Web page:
It's not quite war-ready, but a new Skynet-like initiative called RoboEarth could have you reaching for your guide to automaton Armageddon sooner than you think. The network, which is dubbed the "World Wide Web for robots," was designed by a team of European scientists and engineers to allow robots to learn from the experience of their peers, thus enabling them to take on tasks that they weren't necessarily programmed to perform. Using a database with intranet and internet functionality, the system collects and stores information about object recognition, navigation, and tasks and transmits the data to robots linked to the network. Basically, it teaches machines to learn without human intervention. If the introduction of this robo-web hasn't got you thinking of end times, maybe this will do the trick: it's already taught one robot, the TechUnited AMIGO, to deliver a box of creamy fruit juice to a bedridden scientist. You can check out video of the newly appointed automated waiter after the jump.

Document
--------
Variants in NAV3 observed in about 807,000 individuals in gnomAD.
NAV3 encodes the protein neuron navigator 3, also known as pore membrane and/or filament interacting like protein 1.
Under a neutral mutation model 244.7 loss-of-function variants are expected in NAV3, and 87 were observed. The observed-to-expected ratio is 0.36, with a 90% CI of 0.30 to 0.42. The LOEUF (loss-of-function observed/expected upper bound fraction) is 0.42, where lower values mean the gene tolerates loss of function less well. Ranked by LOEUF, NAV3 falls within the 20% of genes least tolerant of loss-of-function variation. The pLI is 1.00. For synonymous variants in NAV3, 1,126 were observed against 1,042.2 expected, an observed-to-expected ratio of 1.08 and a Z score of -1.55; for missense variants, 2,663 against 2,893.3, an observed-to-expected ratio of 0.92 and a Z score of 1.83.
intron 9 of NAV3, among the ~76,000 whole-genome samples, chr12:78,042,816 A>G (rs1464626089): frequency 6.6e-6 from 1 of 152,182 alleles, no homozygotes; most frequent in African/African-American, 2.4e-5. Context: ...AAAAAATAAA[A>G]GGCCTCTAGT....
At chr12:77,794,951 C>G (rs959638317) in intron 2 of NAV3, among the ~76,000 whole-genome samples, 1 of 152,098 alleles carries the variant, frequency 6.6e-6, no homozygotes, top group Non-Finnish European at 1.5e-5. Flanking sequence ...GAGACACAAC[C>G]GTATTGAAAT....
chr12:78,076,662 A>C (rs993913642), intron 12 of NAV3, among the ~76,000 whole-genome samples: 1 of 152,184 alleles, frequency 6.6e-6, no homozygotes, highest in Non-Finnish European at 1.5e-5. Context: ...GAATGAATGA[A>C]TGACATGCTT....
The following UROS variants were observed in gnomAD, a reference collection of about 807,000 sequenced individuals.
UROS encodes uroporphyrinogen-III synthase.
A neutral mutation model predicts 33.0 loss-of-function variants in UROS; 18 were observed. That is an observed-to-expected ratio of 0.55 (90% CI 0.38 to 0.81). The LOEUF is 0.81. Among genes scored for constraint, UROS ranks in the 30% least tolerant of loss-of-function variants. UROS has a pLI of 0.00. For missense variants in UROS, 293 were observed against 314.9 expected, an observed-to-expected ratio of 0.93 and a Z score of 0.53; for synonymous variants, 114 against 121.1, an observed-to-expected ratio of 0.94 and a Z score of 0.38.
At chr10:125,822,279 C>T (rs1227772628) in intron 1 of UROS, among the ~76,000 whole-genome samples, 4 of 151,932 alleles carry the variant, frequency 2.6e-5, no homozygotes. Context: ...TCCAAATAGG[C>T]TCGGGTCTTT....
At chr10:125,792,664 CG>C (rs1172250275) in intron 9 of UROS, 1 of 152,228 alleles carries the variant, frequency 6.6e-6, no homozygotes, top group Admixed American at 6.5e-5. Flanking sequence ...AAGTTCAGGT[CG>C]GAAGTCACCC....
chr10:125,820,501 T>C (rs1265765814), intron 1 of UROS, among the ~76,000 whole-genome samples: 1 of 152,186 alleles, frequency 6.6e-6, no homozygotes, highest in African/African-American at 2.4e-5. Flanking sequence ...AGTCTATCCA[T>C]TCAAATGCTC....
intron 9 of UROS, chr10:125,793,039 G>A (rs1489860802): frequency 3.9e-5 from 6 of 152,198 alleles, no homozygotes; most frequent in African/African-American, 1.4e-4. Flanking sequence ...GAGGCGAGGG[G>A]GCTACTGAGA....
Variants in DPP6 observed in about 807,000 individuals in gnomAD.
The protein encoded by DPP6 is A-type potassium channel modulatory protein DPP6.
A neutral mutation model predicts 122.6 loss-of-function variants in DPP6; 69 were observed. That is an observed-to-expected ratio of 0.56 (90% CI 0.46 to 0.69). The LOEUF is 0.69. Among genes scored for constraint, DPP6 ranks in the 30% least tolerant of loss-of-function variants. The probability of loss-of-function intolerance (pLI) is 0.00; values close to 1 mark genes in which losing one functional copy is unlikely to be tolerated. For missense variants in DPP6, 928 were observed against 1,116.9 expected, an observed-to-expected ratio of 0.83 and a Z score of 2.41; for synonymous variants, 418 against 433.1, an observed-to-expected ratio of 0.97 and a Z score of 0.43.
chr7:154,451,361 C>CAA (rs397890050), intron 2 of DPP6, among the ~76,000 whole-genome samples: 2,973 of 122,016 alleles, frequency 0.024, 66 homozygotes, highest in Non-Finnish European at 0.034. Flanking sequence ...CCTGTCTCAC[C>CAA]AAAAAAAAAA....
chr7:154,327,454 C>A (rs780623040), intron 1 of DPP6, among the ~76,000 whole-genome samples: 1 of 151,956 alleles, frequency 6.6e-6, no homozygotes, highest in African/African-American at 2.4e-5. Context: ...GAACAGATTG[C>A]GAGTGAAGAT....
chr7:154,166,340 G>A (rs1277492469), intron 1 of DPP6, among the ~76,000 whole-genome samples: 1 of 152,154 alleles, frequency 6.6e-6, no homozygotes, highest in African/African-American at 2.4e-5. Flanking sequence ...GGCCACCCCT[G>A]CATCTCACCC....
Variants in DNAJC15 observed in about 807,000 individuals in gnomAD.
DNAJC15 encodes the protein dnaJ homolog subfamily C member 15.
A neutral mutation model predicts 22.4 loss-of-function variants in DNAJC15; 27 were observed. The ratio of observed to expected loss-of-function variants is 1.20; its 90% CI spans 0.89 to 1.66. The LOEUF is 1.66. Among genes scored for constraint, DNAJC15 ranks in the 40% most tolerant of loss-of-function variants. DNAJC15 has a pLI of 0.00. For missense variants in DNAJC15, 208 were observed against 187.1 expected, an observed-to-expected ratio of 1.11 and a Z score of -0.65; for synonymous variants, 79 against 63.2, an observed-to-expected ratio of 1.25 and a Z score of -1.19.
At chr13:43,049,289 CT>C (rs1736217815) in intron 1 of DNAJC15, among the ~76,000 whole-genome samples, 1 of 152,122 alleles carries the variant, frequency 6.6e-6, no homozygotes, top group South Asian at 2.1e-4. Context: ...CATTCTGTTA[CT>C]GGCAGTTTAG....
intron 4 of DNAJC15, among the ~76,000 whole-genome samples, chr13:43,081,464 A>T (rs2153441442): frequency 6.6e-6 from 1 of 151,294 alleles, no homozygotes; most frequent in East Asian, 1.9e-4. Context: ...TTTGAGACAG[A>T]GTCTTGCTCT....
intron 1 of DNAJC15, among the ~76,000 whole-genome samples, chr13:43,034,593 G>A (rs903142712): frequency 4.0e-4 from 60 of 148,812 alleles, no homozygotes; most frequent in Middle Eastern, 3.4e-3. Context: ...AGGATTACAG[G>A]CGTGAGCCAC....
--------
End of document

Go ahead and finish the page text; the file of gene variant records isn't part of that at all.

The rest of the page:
RoboEarth teaches robots to learn from peers, pour European fruit beverages (video)
In this article: AMIGO, automaton, autonomous, eindhoven university of technology, EindhovenUniversityOfTechnology, network, Phillips applied technologies, PhillipsAppliedTechnologies, RoboEarth, robot, robot apocalypse, robot network, RobotApocalypse, robotics, RobotNetwork, skynet, Swiss Federal Institute of Technology, SwissFederalInstituteOfTechnology, Technische Universität München, TechnischeUniversitätMünchen, TechUnited AMIGO, TechunitedAmigo, University of Zaragoza, UniversityOfZaragoza, World Wide Web for Robots, WorldWideWebForRobots
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